3. Anatolia (c.2100BC-c.1900BC): Dates are particularly hazy here. Many of the early Bronze Age towns were looted and destroyed by 2000BC, including Troy II. Troy levels III-V, associated with this period, had smaller walls than Troy II. Small houses were confined within narrow lanes.

Z1Y5X3: c.2000BC to c.1200BC. Middle and Late Bronze Ages

  1. S. Mesopotamia (c.2000BC-c.1200BC): The First Babylonian Empire was founded c.2000BC, containing many cultural elements of the earlier Sumerians. It existed until c.1200BC.
  2. N. Mesopotamia (c.2000BC-c.1200BC): The emergence of Assyria dates from c.3000BC, but the period of their military development was from c.2000BC to c.1200BC. (Assyrians invented the sword in this period.)
  3. Egypt (2050BC-1167BC): Dynasties XI-XIX (ended 1200BC). After a period of revival and another decline, Egypt achieved the height of its power under the reign of Thutmosis III 1491BC-1449BC. The last great pharoah was Ramses III 1198BC-1167BC, the second pharoah of Dynasty XX.
  4. E. Anatolia (c.2000BC-c.1200BC): The Hittites existed as a people from c.2000BC to c.1200BC. They developed in three phases, allowing us to describe their grand super cycles roughly as GSC1&2) Early Hittites c.2000BC-c.1700BC, GSC3&4) Hittite Kingdom c.1700BC-c.1430BC, and GSC5) Hittite Empire c.1430BC-c.1200BC.
  5. W. Anatolia (c.1900BC-1200BC): Troy VI, founded c.1900BC, had walls 16 feet thick, with several gates and towers. Buildings were pretentious with numerous pillars and columns still in evidence. Destroyed by earthquake c.1300BC, it was rebuilt as Troy VIIa, which is considered the Troy of Homer's Iliad.
  6. Greece (c.1900BC-c.1200BC): Achaean invaders conquered Greece c.1900BC, establishing their principle city at Mycenae. They were conquered in turn by invading Dorians between 1200BC and 1100BC.
  7. Crete (c.1950BC-c.1200BC): Middle and Late Minoan. The earliest inhabitants of Crete date from c.3000BC, with Bronze Age villages dating from c.2500BC. A sudden urbanization c.1950BC (probably brought by Semitic peoples) began the Middle Minoan period , which is considered the start of true Minoan civilization. Initially Minoan Crete held sovereignty or influence over the Achaean Greeks, and a joint culture developed between the two. Control passed to Greek hands c.1400BC (destruction of Knossos) and Homer relates that King Idumeneus of Crete fought under King Agamemnon of Mycenae at Troy (c.1200BC).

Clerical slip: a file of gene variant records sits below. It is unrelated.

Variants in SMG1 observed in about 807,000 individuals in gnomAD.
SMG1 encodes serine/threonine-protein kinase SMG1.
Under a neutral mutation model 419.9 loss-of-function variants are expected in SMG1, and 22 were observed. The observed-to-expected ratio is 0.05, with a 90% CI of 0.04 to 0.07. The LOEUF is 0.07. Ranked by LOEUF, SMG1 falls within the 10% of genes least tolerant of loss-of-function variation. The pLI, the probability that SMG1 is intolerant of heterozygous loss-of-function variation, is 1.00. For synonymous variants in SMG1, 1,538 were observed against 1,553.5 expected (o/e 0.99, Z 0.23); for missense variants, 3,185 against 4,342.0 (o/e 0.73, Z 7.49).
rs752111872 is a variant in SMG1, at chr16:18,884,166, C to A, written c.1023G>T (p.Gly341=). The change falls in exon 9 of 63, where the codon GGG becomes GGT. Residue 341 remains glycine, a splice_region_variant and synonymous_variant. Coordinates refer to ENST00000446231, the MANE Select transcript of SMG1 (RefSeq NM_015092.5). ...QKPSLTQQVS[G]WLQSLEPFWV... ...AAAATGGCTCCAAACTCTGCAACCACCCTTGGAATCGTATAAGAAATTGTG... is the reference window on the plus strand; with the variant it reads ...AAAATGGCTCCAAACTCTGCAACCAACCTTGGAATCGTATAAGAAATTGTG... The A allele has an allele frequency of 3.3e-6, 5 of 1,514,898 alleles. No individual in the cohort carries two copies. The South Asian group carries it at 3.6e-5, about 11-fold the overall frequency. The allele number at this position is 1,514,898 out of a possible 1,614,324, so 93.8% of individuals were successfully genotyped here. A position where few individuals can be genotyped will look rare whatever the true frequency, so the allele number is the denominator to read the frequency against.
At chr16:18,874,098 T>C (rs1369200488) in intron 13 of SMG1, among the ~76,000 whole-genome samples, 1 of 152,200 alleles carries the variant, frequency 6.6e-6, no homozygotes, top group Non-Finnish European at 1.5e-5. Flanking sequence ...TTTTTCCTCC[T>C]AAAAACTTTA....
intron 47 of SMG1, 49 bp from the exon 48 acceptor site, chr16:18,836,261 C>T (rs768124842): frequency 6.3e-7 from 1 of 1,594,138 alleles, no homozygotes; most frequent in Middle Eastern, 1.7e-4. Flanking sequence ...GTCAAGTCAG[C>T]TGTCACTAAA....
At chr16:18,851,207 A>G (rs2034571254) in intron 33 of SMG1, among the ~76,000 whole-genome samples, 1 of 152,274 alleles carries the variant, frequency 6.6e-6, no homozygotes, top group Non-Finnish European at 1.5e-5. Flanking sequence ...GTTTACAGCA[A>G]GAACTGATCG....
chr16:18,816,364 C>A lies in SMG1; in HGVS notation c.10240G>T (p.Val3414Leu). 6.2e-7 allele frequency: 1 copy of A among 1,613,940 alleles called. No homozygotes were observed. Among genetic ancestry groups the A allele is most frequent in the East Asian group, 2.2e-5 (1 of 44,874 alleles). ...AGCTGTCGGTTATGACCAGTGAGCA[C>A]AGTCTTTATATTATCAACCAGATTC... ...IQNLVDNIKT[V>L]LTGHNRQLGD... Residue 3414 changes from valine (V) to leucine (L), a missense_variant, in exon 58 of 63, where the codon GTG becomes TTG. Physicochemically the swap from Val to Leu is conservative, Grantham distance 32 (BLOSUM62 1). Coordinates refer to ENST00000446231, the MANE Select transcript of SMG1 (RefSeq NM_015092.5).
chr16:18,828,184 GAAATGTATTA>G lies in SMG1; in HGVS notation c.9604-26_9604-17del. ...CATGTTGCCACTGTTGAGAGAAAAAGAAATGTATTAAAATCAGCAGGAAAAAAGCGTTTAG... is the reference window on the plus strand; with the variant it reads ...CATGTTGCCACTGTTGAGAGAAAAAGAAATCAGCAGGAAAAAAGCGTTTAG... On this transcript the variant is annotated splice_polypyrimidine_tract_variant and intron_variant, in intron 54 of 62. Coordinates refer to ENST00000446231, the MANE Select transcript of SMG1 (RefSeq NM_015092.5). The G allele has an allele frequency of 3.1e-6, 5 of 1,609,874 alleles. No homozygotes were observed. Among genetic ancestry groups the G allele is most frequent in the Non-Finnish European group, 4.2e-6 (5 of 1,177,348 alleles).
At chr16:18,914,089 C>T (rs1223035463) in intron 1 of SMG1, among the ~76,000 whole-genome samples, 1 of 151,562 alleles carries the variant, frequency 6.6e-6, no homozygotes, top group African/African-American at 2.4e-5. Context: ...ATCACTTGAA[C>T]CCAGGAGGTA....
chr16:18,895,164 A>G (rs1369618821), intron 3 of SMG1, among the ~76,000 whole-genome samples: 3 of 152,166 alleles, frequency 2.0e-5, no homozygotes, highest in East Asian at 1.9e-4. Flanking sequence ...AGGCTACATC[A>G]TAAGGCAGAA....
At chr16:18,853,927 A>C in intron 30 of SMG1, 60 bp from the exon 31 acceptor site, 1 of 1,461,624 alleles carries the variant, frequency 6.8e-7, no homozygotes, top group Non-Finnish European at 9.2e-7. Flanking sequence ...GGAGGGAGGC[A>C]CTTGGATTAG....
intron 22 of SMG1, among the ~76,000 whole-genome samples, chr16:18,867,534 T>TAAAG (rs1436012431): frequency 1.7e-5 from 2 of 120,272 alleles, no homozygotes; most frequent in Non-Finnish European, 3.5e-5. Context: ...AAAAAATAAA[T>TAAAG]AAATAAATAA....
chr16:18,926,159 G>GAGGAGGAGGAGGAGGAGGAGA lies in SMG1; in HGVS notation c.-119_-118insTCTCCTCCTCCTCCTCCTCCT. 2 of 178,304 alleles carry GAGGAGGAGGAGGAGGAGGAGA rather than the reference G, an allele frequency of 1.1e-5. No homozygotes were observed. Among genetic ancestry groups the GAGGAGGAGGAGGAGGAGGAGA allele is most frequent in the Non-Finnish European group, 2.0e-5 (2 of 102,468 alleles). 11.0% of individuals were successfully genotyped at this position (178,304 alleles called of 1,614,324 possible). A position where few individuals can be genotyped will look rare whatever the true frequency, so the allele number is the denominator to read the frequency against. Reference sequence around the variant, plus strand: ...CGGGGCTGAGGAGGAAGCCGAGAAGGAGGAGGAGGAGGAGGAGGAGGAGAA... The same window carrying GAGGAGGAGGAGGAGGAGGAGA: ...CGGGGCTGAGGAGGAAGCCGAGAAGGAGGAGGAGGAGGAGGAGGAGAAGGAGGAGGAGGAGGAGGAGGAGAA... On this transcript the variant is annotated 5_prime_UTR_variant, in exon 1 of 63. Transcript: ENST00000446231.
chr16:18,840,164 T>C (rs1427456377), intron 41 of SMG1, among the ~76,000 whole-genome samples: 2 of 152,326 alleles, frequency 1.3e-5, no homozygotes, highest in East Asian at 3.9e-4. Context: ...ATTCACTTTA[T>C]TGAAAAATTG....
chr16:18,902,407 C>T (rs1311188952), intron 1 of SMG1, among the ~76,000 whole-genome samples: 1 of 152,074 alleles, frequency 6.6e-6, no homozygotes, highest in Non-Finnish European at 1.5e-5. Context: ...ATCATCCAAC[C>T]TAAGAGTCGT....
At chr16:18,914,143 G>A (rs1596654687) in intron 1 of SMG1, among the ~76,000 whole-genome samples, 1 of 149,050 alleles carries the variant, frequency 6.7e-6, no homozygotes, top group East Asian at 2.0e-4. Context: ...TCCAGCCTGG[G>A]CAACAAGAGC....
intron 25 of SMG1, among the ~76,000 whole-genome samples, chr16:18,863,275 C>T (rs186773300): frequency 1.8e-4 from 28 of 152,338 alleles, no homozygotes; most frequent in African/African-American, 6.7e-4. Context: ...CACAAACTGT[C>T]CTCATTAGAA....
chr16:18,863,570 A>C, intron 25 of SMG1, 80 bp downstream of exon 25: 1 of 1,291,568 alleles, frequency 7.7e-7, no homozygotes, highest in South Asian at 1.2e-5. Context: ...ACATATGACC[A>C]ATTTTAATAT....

8. Italy: c.2000BC the ancestors of the Latins brought the Bronze Age to the peninsula.

Z1Y5X4: c.1200BC to 700BC. Early Iron Age - The First Dark Age

The advent of the Iron Age coincided with collapse of the Bronze Age civilizations.

Z1Y5X4A: c.1200BC to 1028BC. Early Dark Age - Destruction of the Bronze Age Cultures

  1. S. Mesopotamia: The First Babylonian Empire was destroyed by the Hittites and/or Assyrians c.1200BC.
  2. N. Mesopotamia: Assyrian power declined from c.1230BC to 1116BC. Under the leadership of Tiglath-pileser I (1116BC-1093BC) Assyria became the dominant state in the Middle East. Decline continued starting around 1050BC as a migratory wave of nomads swept the region.
  3. Egypt: Invasion by Peoples of the Sea c.1200BC at the start of Dynasty XX. Ramses III (1198BC-1167BC) repelled the invasion, as well as threats from the Philistines and Libyans. This was a temporary respite, as Egypt began a long decline after Ramses' death.